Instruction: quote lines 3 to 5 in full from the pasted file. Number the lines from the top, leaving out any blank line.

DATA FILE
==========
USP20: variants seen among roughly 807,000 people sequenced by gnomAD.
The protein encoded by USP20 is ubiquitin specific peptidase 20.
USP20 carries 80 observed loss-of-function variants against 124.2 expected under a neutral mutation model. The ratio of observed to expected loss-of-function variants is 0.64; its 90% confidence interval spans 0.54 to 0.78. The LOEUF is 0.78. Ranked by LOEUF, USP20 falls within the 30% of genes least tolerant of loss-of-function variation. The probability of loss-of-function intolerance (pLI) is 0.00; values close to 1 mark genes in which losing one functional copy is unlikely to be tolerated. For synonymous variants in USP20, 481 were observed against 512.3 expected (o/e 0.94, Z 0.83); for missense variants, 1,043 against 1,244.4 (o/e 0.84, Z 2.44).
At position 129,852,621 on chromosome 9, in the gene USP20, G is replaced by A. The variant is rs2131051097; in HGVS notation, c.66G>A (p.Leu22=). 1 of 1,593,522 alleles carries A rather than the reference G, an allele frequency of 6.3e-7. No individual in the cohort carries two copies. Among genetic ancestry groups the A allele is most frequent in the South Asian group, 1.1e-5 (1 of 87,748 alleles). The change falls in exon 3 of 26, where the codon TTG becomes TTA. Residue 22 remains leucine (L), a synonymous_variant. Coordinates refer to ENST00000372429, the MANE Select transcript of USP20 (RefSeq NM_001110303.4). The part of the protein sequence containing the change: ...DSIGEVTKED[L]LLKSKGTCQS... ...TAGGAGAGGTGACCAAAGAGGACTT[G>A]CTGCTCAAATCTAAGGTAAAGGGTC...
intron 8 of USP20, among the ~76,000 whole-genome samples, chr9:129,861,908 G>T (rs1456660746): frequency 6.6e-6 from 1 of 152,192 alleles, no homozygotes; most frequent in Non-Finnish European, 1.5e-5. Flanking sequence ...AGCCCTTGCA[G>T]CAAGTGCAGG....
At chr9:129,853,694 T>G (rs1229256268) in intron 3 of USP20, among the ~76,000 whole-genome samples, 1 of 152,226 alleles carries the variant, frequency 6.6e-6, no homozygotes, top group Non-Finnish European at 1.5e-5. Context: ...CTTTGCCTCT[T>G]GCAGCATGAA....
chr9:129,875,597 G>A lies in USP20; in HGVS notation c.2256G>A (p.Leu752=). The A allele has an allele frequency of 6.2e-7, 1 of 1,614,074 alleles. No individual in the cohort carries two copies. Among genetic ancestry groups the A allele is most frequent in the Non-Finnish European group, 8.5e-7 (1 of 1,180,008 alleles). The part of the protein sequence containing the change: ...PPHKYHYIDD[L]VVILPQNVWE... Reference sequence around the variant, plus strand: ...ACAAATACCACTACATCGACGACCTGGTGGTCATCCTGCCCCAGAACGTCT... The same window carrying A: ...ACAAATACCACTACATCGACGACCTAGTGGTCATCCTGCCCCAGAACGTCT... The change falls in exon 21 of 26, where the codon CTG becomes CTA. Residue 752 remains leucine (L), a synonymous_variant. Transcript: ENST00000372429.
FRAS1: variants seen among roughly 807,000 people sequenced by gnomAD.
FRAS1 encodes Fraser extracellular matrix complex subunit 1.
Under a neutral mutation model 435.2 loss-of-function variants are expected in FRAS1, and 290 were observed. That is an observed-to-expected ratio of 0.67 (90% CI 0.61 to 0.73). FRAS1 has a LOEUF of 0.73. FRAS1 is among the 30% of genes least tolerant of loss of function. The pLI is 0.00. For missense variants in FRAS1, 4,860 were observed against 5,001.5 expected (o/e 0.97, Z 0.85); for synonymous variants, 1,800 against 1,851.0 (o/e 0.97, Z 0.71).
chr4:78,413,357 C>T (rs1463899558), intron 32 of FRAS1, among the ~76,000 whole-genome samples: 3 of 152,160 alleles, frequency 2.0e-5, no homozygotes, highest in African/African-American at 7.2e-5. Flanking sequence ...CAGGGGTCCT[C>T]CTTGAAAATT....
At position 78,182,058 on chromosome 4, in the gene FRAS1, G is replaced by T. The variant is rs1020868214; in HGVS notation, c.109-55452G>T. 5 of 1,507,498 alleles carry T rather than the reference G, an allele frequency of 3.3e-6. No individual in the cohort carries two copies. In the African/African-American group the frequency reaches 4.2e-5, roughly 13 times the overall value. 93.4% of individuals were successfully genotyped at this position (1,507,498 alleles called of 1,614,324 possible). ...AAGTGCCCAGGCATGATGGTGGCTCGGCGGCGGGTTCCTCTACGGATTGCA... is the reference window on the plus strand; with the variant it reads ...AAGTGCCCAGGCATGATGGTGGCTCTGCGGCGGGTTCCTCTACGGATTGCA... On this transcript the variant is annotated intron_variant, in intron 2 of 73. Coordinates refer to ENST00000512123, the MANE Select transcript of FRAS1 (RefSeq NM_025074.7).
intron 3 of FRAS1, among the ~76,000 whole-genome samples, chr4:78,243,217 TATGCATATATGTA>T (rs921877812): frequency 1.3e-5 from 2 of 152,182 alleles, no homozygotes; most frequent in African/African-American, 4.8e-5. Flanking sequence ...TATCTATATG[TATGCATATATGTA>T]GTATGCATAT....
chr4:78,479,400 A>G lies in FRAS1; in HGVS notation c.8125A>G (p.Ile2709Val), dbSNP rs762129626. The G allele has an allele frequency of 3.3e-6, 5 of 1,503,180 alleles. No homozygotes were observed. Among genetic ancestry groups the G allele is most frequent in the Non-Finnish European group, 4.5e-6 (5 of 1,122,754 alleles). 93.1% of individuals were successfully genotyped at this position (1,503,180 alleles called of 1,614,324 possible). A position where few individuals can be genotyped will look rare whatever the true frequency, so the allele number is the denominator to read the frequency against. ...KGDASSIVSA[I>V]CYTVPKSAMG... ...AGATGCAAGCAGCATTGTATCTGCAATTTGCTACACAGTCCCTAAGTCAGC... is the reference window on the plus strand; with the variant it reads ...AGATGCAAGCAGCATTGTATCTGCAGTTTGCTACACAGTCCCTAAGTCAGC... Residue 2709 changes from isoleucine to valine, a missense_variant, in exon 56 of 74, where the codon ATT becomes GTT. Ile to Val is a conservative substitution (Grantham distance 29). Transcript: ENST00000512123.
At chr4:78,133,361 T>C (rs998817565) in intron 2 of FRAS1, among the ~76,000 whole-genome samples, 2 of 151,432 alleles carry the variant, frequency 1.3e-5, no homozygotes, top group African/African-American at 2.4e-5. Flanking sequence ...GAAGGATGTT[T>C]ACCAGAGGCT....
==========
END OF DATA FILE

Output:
USP20 carries 80 observed loss-of-function variants against 124.2 expected under a neutral mutation model. The ratio of observed to expected loss-of-function variants is 0.64; its 90% confidence interval spans 0.54 to 0.78. The LOEUF is 0.78. Ranked by LOEUF, USP20 falls within the 30% of genes least tolerant of loss-of-function variation. The probability of loss-of-function intolerance (pLI) is 0.00; values close to 1 mark genes in which losing one functional copy is unlikely to be tolerated. For synonymous variants in USP20, 481 were observed against 512.3 expected (o/e 0.94, Z 0.83); for missense variants, 1,043 against 1,244.4 (o/e 0.84, Z 2.44).
At position 129,852,621 on chromosome 9, in the gene USP20, G is replaced by A. The variant is rs2131051097; in HGVS notation, c.66G>A (p.Leu22=). 1 of 1,593,522 alleles carries A rather than the reference G, an allele frequency of 6.3e-7. No individual in the cohort carries two copies. Among genetic ancestry groups the A allele is most frequent in the South Asian group, 1.1e-5 (1 of 87,748 alleles). The change falls in exon 3 of 26, where the codon TTG becomes TTA. Residue 22 remains leucine (L), a synonymous_variant. Coordinates refer to ENST00000372429, the MANE Select transcript of USP20 (RefSeq NM_001110303.4). The part of the protein sequence containing the change: ...DSIGEVTKED[L]LLKSKGTCQS... ...TAGGAGAGGTGACCAAAGAGGACTT[G>A]CTGCTCAAATCTAAGGTAAAGGGTC...
intron 8 of USP20, among the ~76,000 whole-genome samples, chr9:129,861,908 G>T (rs1456660746): frequency 6.6e-6 from 1 of 152,192 alleles, no homozygotes; most frequent in Non-Finnish European, 1.5e-5. Flanking sequence ...AGCCCTTGCA[G>T]CAAGTGCAGG....